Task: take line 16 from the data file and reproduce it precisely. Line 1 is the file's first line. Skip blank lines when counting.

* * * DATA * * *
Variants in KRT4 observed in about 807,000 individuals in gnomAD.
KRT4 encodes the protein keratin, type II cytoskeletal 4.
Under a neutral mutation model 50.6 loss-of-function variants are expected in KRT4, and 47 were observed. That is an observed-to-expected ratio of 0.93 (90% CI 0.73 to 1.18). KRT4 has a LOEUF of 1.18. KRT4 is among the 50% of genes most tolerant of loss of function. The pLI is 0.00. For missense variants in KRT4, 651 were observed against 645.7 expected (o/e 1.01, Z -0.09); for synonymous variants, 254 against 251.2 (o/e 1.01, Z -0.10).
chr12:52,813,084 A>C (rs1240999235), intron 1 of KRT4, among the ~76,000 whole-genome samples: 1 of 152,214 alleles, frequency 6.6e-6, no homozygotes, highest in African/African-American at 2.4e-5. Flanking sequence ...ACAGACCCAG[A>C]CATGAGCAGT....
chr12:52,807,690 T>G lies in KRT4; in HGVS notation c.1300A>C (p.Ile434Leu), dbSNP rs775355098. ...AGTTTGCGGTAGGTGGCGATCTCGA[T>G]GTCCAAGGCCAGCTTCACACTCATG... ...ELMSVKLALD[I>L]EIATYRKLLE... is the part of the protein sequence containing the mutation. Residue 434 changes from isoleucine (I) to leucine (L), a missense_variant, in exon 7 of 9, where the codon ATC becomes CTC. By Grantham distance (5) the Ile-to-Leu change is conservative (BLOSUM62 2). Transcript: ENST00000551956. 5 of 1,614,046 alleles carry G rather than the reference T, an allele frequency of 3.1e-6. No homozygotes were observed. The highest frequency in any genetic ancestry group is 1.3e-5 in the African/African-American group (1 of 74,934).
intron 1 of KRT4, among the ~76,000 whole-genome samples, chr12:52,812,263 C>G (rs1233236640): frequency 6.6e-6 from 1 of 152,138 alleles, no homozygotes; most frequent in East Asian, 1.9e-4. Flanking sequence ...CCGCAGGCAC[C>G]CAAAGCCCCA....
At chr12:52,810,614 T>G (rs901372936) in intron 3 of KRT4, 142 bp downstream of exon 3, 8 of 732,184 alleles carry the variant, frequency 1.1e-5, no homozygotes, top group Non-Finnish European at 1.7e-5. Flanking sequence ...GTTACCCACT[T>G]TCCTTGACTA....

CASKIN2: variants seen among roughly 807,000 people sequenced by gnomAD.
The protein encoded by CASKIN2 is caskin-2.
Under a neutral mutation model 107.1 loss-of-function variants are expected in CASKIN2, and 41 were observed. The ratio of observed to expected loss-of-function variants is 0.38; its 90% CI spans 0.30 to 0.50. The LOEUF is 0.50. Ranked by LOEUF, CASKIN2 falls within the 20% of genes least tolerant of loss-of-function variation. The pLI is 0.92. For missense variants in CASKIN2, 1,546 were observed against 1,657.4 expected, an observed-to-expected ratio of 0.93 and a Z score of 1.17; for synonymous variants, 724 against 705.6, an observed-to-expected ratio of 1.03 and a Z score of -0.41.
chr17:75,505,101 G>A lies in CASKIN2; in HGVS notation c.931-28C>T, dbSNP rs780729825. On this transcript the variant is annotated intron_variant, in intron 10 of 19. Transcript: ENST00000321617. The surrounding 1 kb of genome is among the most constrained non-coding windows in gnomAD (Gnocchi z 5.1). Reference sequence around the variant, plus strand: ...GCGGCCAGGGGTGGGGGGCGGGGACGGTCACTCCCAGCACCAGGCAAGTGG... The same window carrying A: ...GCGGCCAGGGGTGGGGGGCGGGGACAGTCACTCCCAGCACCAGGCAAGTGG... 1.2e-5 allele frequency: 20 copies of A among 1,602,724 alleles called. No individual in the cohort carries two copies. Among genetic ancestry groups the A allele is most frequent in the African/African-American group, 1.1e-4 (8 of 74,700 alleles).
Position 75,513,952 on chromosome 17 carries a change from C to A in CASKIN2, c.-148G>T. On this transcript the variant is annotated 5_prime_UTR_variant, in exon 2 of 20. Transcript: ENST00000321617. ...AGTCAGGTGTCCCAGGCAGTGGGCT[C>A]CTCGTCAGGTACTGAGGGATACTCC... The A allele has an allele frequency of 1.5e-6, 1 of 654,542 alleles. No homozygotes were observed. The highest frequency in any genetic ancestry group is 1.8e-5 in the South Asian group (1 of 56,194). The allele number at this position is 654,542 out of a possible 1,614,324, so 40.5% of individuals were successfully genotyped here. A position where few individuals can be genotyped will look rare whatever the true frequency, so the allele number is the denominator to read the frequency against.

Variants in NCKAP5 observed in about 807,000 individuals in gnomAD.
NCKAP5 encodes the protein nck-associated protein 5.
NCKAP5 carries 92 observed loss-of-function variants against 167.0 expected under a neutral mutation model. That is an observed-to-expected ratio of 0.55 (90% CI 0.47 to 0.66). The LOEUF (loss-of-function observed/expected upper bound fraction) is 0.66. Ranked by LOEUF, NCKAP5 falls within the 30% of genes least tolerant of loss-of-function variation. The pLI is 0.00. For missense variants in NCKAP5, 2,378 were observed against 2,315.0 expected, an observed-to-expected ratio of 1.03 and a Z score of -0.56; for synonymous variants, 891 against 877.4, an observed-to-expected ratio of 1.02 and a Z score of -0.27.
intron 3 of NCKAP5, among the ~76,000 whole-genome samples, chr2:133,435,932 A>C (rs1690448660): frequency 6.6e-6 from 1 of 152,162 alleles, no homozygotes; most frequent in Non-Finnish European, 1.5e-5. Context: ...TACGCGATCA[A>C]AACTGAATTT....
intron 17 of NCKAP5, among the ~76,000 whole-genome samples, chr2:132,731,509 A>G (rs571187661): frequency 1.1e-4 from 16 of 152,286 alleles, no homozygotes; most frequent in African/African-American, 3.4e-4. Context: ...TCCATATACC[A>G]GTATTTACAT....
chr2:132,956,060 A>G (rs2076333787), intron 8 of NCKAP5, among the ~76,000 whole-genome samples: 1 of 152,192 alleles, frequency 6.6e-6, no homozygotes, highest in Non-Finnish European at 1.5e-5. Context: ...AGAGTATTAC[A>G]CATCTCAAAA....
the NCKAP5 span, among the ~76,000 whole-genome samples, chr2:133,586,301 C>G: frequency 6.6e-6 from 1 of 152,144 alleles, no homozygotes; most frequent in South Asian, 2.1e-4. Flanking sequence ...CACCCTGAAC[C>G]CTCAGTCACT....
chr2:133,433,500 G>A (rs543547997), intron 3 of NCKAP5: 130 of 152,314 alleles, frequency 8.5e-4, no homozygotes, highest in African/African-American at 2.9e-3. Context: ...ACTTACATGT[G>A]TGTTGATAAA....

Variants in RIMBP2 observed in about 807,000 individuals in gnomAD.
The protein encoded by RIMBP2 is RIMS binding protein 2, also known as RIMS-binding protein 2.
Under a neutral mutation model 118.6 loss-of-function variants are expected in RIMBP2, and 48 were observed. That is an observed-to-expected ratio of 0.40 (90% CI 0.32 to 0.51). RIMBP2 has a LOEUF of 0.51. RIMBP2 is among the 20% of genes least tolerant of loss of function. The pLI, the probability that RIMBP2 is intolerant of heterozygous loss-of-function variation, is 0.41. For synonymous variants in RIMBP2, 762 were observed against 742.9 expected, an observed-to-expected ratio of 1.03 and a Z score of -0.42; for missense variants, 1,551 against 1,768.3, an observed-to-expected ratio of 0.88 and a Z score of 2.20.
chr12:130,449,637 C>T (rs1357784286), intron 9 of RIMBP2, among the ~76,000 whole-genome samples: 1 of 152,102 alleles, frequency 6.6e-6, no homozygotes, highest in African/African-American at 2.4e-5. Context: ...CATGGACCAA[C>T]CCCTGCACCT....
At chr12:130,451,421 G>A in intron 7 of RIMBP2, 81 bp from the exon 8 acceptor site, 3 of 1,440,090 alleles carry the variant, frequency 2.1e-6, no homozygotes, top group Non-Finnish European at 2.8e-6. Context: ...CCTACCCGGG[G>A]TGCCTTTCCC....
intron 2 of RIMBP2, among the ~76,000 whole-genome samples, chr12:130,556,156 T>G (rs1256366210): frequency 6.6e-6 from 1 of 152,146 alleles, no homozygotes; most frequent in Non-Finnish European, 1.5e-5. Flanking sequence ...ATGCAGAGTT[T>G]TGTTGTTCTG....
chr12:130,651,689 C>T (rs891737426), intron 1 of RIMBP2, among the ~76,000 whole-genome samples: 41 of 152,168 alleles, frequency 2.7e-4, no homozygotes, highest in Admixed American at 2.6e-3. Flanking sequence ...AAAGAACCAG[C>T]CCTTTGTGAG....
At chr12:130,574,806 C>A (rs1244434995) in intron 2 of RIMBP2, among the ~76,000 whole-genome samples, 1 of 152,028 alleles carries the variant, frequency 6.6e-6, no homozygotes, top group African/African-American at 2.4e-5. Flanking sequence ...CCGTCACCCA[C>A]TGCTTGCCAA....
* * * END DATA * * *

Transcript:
intron 3 of NCKAP5, among the ~76,000 whole-genome samples, chr2:133,435,932 A>C (rs1690448660): frequency 6.6e-6 from 1 of 152,162 alleles, no homozygotes; most frequent in Non-Finnish European, 1.5e-5. Context: ...TACGCGATCA[A>C]AACTGAATTT....